Kenya has the highest digital currency adoption rate in Africa

Three years ago, If you had walked up to a random stranger on the streets of Nairobi, Lagos or Johannesburg, woman or man, young or old, and asked them if they knew what crypto or blockchain technologies are, let alone if they had ever used them, you would most likely have been met with blank stares.

That has since changed.

In just three years, the continent has once again lived up to its name as a leader in technology adoption.

Out of a population of 53.7 million Kenyans, 4.25 million individuals possess digital currencies, the highest adoption rate in Africa according to a United Nations research report.

Nigeria has the world’s highest share of active crypto traders, a report published this year by global research firm Morning Consult found. With more than 50 per cent of monthly active adult crypto traders, Nigeria topped the list of countries with the highest share of adults that trade crypto once a month.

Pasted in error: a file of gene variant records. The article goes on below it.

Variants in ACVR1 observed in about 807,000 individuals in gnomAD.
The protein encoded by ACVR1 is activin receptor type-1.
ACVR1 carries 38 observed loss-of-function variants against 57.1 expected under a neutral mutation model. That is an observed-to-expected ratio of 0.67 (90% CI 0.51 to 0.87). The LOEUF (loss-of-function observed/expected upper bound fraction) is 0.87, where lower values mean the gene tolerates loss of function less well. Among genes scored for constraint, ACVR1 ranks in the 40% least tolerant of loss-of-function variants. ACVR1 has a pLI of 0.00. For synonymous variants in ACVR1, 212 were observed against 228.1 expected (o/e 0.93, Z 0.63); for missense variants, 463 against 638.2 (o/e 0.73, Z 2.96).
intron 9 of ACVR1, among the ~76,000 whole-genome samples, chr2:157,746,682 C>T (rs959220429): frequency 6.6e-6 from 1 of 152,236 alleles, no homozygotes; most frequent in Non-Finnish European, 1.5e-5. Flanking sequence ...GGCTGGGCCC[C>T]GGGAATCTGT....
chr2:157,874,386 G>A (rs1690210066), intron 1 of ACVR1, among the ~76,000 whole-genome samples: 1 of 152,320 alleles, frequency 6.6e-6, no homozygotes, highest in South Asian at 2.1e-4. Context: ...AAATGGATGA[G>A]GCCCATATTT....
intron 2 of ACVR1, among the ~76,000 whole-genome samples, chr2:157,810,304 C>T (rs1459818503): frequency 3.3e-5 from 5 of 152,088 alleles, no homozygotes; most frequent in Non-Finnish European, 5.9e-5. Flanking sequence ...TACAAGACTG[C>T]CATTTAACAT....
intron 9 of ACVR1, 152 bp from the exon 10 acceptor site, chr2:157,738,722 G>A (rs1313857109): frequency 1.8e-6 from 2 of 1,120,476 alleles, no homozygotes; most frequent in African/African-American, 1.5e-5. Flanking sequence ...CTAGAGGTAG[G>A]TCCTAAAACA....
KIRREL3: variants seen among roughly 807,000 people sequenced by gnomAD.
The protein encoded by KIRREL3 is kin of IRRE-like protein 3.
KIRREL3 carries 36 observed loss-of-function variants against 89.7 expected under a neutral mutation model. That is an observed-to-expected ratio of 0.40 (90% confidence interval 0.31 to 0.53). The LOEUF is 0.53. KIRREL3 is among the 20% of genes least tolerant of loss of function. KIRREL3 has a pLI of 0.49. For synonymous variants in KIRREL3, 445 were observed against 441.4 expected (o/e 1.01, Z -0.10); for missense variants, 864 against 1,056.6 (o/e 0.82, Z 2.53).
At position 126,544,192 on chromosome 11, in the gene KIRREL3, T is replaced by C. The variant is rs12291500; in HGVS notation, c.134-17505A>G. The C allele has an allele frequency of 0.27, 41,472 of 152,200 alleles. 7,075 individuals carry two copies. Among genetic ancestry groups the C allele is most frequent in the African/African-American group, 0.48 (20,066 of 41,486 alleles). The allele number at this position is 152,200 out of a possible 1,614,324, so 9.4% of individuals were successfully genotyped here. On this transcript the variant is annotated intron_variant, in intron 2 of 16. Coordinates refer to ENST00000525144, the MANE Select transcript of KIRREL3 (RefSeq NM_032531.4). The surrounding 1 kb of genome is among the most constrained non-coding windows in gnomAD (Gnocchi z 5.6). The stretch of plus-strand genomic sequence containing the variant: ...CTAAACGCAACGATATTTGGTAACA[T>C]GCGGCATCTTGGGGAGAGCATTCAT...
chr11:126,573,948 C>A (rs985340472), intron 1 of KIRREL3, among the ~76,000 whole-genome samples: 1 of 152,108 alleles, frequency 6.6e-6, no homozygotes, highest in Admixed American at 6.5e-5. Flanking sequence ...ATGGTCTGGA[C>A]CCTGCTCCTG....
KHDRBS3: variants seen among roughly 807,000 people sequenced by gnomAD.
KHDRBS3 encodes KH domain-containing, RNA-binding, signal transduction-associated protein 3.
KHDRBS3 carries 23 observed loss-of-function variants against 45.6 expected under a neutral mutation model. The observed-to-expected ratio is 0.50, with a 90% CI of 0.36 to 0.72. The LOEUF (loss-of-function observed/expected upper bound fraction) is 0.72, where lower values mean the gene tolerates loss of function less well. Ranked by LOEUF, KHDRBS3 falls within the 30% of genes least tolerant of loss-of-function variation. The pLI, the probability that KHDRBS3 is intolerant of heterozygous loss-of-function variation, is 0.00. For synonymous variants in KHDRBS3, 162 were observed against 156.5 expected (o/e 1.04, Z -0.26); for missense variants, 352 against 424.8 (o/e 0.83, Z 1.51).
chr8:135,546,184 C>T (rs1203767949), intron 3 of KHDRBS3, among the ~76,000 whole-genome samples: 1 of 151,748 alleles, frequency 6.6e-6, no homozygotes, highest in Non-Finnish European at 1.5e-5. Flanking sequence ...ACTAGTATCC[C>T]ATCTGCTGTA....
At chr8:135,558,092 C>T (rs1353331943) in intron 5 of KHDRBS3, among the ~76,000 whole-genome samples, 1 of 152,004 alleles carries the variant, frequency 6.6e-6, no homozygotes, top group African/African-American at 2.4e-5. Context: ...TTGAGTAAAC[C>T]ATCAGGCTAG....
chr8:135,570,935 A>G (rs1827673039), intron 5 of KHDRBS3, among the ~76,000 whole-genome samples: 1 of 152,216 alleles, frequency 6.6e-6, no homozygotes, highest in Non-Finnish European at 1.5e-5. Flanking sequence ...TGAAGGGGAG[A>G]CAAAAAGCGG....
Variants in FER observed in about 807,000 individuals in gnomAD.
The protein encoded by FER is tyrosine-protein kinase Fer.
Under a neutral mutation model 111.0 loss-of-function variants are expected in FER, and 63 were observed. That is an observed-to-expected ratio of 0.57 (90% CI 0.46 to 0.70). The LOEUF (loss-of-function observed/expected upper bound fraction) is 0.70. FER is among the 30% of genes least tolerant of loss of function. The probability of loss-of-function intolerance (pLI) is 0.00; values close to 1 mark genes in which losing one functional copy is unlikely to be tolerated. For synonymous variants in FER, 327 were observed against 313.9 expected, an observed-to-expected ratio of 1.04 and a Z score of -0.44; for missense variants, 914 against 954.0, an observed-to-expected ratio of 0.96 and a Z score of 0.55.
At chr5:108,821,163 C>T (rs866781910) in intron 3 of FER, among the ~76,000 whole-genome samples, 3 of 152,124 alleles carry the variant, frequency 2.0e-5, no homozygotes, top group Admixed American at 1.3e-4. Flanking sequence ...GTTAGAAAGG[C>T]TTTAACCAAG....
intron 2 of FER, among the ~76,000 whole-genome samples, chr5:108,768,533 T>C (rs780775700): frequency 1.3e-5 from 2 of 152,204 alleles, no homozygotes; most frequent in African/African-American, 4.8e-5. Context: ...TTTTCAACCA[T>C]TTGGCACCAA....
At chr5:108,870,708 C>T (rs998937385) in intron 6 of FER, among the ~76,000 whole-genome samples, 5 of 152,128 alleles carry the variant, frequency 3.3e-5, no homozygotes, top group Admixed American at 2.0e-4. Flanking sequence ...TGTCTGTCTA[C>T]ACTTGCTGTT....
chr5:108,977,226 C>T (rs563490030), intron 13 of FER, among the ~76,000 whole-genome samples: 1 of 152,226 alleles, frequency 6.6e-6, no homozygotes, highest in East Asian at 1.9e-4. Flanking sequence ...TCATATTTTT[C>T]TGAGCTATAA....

In just three years, the continent has once again lived up to its name as a leader in technology adoption.

Despite the directive of the Central Bank of Nigeria (CBN) banning crypto transactions in 2021 and the subsequent fining of three banks for allegedly facilitating cryptocurrency transactions the same year, Nigerians went on to trade at least N77.75bn ($185m) worth of Bitcoin in the first three months of the year. About 33.4 million Nigerians still trade or own crypto assets.

In 2021, Nigeria was reported by Google trends as the country with the highest number of bitcoin searches globally, revealing the widespread adoption of cryptocurrency in the country.

Four million South Africans own cryptocurrencies according to Finder’s Cryptocurrency Adoption Index which ranked the country 18th out of 26 countries for crypto adoption.